For a discussion of the type of rolling stone that sealed the tomb in which Jesus’ body was placed, see Amos Kloner, “Did a Rolling Stone Close Jesus’ Tomb?” BAR 25:05.


See Leen Ritmeyer and Kathleen Ritmeyer, “Akeldma—Potter’s Field or High Priest’s Tomb?” BAR 20:06.



Andrea M. Berlin, “Power and Its Afterlife, Tombs in Hellenistic Palestine,” Near Eastern Archaeology (NEA), June 2002, p. 145.


See Martin Hengel, Judaism and Hellenism (Philadelphia: Fortress, 1981), p. 64.


Levy Y. Rahmani, “Jason’s Tomb,” Israel Exploration Journal (IEJ) 17, no. 2 (1967), pp. 61-100.


See Nahman Avigad, “Aramaic Inscriptions in the Tomb of Jason,” IEJ 17, no. 2 (1967), pp. 101-111; Rahmani, “Ancient Jerusalem’s Funerary Customs and Tombs, Part Three,” Biblical Archaeologist, Summer 1981, p. 45.


For a discussion of the differences in the Gospel accounts of this episode, see Byron R. McCane, Roll Back the Stone, Death and Burial in the World of Jesus (Harrisburg, PA: Trinity Press International, 2003), pp. 101-102. Here I focus on the accounts of Mark and Matthew, which are generally considered to be earlier and more accurate than Luke. The differences between Mark and Matthew include that Joseph is described as a member of the council/Sanhedrin (Mark) or as a rich man (Matthew) (these two statements are complementary, not contradictory), and Matthew states explicitly that this was Joseph’s family tomb, whereas Mark does not (these statements likewise are complementary, not contradictory). Since rock-cut tombs belonged to families, I believe that Matthew is accurate in this detail.


Martin Hengel, Crucifixion in the Ancient World and the Folly of the Message of the Cross (Philadelphia: Fortress, 1977), pp. 19, 83, 90. See for example Craig A. Evans, Jesus and the Ossuaries, What Jewish Burial Practices Reveal about the Beginning of Christianity (Waco: Baylor University, 2003), p. 101; McCane, Roll Back the Stone, p. 89; John Dominic Crossan, Who Killed Jesus? Exposing the Roots of Anti-Semitism in the Gospel Story of the Death of Jesus (New York: HarperSanFrancisco, 1995), pp. 160-163; Raymond E. Brown, The Death of the Messiah from Gethsemane to the Grave: A Commentary on the Passion Narratives in the Four Gospels, volume two (New York: Doubleday, 1994), p. 947.


McCane, Roll Back the Stone, pp. 90, 105; Brown, The Death of the Messiah, p. 1207; contra Crossan, Who Killed Jesus, pp. 160-161.


The exact manner in which the body was affixed to the cross is debated; for two different reconstructions see Vassilios Tzaferis, “Crucifixion—the Archaeological Evidence,” BAR, January/February 1985; Joseph Zias and Eliezer Sekeles, “The Crucified Man from Giv’at ha-Mivtar: A Reappraisal,” IEJ 35 (1985), p. 27. Zias and Sekeles note that death resulted from asphyxiation and not from the trauma caused by nailing the body to the cross.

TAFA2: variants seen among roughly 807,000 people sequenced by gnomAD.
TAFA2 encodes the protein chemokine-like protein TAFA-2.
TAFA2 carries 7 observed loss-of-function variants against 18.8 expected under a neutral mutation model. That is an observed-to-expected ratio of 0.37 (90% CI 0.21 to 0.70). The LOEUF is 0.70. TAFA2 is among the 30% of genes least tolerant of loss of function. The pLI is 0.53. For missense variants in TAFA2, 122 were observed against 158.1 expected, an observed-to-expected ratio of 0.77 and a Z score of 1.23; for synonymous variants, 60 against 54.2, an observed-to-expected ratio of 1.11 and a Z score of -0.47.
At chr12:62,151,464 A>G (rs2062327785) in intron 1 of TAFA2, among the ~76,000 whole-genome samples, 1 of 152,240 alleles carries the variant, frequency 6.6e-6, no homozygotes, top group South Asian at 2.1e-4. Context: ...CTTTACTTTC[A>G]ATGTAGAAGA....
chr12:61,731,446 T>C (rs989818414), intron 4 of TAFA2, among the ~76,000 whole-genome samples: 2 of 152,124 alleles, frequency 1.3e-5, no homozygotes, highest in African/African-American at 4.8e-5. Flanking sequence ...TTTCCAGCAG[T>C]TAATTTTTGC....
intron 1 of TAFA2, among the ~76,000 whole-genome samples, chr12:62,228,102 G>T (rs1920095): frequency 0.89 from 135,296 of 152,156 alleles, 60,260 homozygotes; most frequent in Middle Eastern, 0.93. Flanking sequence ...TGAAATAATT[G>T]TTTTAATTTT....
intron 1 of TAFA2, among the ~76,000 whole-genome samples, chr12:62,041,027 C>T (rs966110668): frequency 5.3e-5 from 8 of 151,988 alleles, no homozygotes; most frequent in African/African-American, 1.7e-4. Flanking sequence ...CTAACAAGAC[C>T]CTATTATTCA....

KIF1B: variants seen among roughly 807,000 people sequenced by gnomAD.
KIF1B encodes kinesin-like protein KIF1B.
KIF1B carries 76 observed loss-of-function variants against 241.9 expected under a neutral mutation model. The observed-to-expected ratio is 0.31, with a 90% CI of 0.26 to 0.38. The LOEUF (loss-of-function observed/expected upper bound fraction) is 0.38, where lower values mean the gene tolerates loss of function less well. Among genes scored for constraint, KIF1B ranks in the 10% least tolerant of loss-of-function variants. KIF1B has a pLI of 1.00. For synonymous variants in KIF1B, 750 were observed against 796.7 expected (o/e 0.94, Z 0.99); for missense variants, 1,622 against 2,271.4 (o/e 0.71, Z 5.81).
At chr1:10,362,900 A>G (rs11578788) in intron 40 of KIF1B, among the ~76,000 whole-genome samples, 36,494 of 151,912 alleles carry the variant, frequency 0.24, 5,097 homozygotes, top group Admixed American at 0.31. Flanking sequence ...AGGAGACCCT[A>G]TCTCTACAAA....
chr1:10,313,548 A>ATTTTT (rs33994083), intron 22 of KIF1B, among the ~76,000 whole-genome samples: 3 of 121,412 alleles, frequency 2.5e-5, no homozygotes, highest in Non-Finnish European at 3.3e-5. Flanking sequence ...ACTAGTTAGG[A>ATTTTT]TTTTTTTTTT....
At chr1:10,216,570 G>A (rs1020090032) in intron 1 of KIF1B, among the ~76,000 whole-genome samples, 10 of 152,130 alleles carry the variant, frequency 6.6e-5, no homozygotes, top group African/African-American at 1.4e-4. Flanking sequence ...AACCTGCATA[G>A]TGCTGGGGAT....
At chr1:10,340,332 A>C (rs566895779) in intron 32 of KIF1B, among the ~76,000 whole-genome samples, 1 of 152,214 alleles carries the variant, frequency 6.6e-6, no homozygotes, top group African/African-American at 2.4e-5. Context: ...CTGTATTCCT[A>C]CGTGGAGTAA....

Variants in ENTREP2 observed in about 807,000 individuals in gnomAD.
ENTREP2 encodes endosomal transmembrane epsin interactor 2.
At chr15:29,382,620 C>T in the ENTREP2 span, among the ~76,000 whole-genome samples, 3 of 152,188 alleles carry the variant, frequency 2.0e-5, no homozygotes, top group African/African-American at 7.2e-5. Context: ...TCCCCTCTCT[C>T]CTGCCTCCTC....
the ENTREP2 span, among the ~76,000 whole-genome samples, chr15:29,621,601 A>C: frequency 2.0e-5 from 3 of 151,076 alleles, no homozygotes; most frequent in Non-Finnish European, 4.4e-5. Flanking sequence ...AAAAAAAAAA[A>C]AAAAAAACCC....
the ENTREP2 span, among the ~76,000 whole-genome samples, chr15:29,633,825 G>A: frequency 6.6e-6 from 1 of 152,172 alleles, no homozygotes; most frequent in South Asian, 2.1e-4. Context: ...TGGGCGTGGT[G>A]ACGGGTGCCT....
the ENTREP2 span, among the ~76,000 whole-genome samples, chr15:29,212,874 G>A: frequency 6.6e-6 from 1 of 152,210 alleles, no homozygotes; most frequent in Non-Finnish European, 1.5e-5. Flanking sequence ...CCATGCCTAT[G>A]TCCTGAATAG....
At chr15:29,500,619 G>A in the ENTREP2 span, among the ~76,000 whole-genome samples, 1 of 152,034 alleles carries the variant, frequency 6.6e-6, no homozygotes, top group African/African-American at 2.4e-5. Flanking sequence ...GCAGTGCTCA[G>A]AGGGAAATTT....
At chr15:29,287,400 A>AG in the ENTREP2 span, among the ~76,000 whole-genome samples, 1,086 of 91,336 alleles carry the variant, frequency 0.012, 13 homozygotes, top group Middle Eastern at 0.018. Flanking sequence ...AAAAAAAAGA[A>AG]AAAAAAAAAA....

As McCane, Roll Back the Stone, pp. 100-101 notes, contrary to Crossan. Also see Tzaferis, “Crucifixion—the Archaeological Evidence”; Rahmani, “Ancient Jerusalem’s Funerary Customs,” p. 51; Rahmani, A Catalog of Jewish Ossuaries in the Collections of the State of Israel (Jerusalem: Israel Antiquities Authority, 1994), p. 131, no. 218. As McCane, Roll Back the Stone, p. 99, notes: “Dishonorable burial was reserved for those who had been condemned by the people of Israel” (McCane’s emphasis). Despite this, McCane concurs that Jesus was buried in shame. The prominence of Yohanan’s family is indicated by the fact that another ossuary from this tomb was inscribed “Simon, the builder of the Temple,” apparently someone who had participated in the reconstruction of the Temple under Herod; see Tzaferis, “Crucifixion—the Archaeological Evidence,” pp. 47, 50; Brown, The Death of the Messiah from Gethsemane to the Grave, p. 1210.


Crossan, Who Killed Jesus, p. 168; and The Historical Jesus, The Life of a Mediterranean Peasant (New York: Harper San Francisco, 1991), p. 391.


See citations in previous note.


Tzaferis, “Crucifixion—the Archaeological Evidence,” p. 50; my emphasis. In their reexamination of this skeleton, Zias and Sekeles, “The Crucified Man from Giv’at ha-Mivtar,” p. 24, found no evidence for amputation, but confirmed that the nail could not be removed from the heel bone because it was bent: “Once the body was removed from the cross, albeit with some difficulty in removing the right leg, the condemned man’s family would now find it impossible to remove the bent nail without completely destroying the heel bone” (p. 27).


See Joseph Patrich, “Graves and Burial Practices in Talmudic Sources,” in Itamar Singer, ed., Graves and Burial Practices in Israel in the Ancient Period (Jerusalem: Yad Izhak Ben-Zvi, 1994), pp. 191-192 (in Hebrew). In Rome, too, the poor were buried in simple holes dug into the ground; see Jon Davies, Death, Burial and Rebirth in the Religions of Antiquity (New York: Routledge, 1999), p. 148. The corpses of paupers and criminals were disposed of in mass graves; see John Bodel, “Graveyards and Groves, A Study of the Lex Lucerina,” American Journal of Ancient History 11 (1994), p. 38.


See Jodi Magness, The Archaeology of Qumran and the Dead Sea Scrolls (Grand Rapids, MI: Eerdmans, 2002), pp. 168-175.


Konstantinos D. Politis, “The Nabataean Cemetery at Khirbet Qazone,” NEA, June 1999, p. 128.


See Brown, The Death of the Messiah, pp. 1247–1248.


Crossan, Who Killed Jesus?, p. 159; also see his The Historical Jesus, p. 393.